He is the Founder of IDBiologics, Inc., an early-stage biotech company developing human monoclonal antibodies for infectious diseases.

Daniel Chen, MD, PhD

CMO, IGM Bioscience

Daniel S. Chen, MD, PhD, is the Chief Medical Officer for IGM Biosciences, and former Vice President, Global Head of Cancer Immunotherapy Development at Genentech/Roche.  He received a BS degree in Biology from the Massachusetts Institute of Technology (1990), a PhD in Microbiology & Immunology (1996), and MD (1998) from the University of Southern California. His PhD work and publications focused on “Early Events in Coronavirus Infection.”

Daniel completed an Internal Medicine Residency and Medical Oncology Fellowship at Stanford University (2003). He went on to complete a Post-doctoral fellowship with Mark Davis in Immunology, where he was a Howard Hughes Medical Institute Associate. He also ran the metastatic melanoma clinic at the Stanford Cancer Center from 2003-2006. In that time, he studied human anti-cancer immune responses pre- and post-cancer vaccination and cytokine administration to determine why anti-tumor immune responses were not more clinically effective. He received a U19 grant to develop better immunologic tools to interrogate human immune responses and ultimately patented the MHC cellular microarray to detect and functionally characterize antigen-specific T cell states.

He continued as Adjunct Clinical Faculty at Stanford from 2006-2016, where he cared for melanoma patients. At Genentech from 2006-2018, Daniel focused on the clinical development of anti-angiogenic and immune-modulatory targeted therapies in both early and late development, as well as the diagnostic tools to aid their development. This included leading the clinical development for atezolizumab, a PD-L1 inhibitor, from the time the program was in research through IND, Phase I, Phase II, Phase III, to filing and approvals in multiple indications worldwide. At IGM, Daniel focuses on the development of novel engineered multivalent and multispecific therapeutics. He is a reviewer for Nature, Immunity, and Clinical Cancer Research, serves on the Board of Directors for SITC, co-chair of the CRI cancer Immunotherapy consortium, gave the keynote presentation at the AACR NCI EORTC Annual Meeting 2014 and presented at the US Congressional Briefing on Immuno Oncology in 2017. He has continued to publish with academic and industry collaborators in the field of cancer immunotherapy, including the often-referenced Chen and Mellman manuscripts, “Elements of cancer immunity and the cancer-immune set point” and “Oncology meets Immunology: The Cancer-Immunity Cycle.”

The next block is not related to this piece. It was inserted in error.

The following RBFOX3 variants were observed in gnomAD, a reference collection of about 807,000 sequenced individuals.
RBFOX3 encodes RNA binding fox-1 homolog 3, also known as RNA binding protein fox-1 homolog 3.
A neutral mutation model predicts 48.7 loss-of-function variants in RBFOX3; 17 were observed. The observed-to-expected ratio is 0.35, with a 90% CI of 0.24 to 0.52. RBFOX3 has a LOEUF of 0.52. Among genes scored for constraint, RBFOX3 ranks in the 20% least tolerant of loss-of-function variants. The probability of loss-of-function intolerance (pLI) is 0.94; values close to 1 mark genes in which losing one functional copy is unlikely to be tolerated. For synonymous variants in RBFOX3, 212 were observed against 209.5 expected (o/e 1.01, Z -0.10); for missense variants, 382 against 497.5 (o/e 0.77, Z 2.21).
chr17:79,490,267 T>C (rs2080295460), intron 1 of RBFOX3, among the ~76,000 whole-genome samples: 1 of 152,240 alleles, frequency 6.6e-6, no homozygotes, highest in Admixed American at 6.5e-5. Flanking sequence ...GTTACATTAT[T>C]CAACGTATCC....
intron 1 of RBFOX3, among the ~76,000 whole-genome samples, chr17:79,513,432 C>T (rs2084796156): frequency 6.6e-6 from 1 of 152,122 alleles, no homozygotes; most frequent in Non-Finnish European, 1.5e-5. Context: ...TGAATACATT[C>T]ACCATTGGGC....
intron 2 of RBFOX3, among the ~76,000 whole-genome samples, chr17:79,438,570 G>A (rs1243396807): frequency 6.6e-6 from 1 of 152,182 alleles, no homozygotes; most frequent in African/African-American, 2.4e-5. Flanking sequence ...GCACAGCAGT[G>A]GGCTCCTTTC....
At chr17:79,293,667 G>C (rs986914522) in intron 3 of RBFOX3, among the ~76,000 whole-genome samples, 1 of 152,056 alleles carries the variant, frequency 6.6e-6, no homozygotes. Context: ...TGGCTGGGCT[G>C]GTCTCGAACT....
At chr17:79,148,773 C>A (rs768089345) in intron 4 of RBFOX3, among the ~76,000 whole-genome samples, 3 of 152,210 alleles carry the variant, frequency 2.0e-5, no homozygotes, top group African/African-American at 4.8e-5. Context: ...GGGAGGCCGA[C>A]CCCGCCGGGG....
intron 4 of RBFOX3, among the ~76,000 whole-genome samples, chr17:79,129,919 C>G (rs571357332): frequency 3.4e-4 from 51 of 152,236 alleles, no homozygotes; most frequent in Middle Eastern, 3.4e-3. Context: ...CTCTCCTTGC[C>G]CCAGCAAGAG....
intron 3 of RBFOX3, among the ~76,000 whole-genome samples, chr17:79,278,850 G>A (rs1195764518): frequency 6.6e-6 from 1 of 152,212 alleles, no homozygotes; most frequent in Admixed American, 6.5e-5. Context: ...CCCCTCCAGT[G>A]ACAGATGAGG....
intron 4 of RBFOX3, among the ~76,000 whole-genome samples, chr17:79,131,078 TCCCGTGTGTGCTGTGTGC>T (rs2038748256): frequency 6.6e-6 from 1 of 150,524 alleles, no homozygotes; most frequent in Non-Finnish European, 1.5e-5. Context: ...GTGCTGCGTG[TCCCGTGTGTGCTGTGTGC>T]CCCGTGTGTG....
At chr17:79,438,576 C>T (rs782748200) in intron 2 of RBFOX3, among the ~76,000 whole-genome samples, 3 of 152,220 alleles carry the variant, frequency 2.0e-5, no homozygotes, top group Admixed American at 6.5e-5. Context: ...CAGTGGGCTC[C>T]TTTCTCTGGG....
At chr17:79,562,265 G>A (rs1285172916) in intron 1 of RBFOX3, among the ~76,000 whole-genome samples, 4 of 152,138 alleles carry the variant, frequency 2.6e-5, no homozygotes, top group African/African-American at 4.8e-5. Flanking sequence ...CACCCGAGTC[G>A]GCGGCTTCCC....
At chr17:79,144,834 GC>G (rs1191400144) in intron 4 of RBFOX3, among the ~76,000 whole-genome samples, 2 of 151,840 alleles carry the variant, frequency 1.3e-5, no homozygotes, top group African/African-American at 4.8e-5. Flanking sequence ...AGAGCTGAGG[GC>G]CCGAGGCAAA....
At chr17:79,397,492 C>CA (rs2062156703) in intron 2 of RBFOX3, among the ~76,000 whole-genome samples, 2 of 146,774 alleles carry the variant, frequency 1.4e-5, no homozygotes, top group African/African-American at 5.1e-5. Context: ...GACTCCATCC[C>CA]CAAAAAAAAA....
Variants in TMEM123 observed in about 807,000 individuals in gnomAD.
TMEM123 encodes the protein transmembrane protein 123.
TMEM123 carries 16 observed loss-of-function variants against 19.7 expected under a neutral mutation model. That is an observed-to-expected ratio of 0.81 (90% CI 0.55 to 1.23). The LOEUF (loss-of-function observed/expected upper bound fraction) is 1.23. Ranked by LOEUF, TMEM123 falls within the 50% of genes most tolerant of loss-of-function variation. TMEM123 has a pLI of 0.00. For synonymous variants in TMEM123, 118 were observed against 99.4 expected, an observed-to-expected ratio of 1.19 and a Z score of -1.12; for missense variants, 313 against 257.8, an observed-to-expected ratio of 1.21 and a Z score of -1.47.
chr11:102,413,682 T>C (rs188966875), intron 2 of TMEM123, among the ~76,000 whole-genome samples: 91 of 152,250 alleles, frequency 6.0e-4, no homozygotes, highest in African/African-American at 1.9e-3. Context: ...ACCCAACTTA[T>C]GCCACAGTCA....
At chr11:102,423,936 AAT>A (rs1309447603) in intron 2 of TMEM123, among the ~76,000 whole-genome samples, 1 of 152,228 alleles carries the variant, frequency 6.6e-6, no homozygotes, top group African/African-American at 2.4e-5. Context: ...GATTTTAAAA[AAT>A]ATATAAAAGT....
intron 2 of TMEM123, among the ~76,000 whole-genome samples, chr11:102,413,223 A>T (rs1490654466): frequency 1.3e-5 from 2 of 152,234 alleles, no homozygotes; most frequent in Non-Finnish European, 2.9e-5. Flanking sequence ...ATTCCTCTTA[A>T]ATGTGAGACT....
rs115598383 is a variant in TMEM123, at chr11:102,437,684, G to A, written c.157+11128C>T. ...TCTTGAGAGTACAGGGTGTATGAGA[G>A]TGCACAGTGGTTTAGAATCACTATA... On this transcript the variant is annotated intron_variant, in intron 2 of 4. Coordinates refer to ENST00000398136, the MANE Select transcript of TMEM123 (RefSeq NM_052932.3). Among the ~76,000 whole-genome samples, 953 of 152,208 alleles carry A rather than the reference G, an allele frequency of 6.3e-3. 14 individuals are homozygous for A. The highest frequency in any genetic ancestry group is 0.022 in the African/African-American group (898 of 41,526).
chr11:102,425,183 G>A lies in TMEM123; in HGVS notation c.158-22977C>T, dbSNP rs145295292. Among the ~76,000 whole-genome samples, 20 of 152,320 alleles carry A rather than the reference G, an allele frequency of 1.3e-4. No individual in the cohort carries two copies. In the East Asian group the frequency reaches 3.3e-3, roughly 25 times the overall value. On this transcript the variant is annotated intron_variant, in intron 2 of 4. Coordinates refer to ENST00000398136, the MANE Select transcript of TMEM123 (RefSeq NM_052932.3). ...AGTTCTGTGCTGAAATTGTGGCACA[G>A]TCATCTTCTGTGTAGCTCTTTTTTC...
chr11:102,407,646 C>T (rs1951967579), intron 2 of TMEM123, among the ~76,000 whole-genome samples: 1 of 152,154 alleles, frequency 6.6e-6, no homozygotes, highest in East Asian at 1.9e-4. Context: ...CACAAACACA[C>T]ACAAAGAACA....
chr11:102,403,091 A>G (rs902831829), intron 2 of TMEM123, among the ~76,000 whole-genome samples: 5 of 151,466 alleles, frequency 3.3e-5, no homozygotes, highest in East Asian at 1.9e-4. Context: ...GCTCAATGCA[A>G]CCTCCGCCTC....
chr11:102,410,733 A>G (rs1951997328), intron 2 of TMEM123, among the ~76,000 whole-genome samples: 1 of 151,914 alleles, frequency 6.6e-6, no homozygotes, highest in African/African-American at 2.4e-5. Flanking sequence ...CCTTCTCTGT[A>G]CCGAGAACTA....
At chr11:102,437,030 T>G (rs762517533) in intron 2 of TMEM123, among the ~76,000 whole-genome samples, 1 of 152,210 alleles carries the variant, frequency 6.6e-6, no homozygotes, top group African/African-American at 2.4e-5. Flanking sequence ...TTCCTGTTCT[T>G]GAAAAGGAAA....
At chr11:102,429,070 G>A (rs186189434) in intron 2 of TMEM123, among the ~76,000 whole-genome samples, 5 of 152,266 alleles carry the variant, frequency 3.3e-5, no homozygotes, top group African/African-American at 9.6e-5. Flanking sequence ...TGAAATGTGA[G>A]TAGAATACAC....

Imre Berger

Founding Director, Max Planck Bristol Centre; Chair in Biochemistry and Chemistry; University of Bristol UK

Imre Berger was trained as a biochemist and synthetic biologist at Leibniz University and Medical School (MHH) in Hannover (Germany), at MIT (Cambridge, USA), and at ETH Zurich (Switzerland). Imre’s team develops enabling methods for DNA delivery and genome engineering, engineers synthetic vaccines and nanosensors and researches the structure and mechanism of multiprotein complexes in human health and disease. After Group Leader posts at ETH (2005) and EMBL (2007), Berger joined Bristol as Full Professor of Biochemistry (2014) with a joint appointment in Chemistry (2019). He is Founding Director of the Max Planck Centre for Minimal Biology in Bristol, Director of the BBSRC/EPSRC research center for synthetic biology BrisSynBio and Co-director of the Bristol Biodesign Institute BBI.

Imre Berger holds international patents for DNA and protein technologies, co-founded three biotech companies, and received numerous distinctions, notably the Swiss Technology Award, the W.A. DeVigier Foundation Award, and a Wellcome Trust Senior Investigator Award for his innovative research. Since 2019, he is an Investigator of the European Research Council (ERC).

Prof. Berger has participated in leading roles in numerous European Commission (EC) projects, including the pan-European structural biology infrastructure INSTRUCT. He has been Coordinator of the EC FP7 HEALTH ComplexINC project enhancing production tools for complex biologics in academic and industrial R&D (2011-2016) and is partner in the EPSRC funded Innovative Future Vaccine Manufacturing Research Hub.

Sina Bavari, PhD

CSO, Edge BioInnovation Consulting and Management; former CSO, Scientific Director US Army Medical Research Institute of Infectious Diseases (USAMRIID)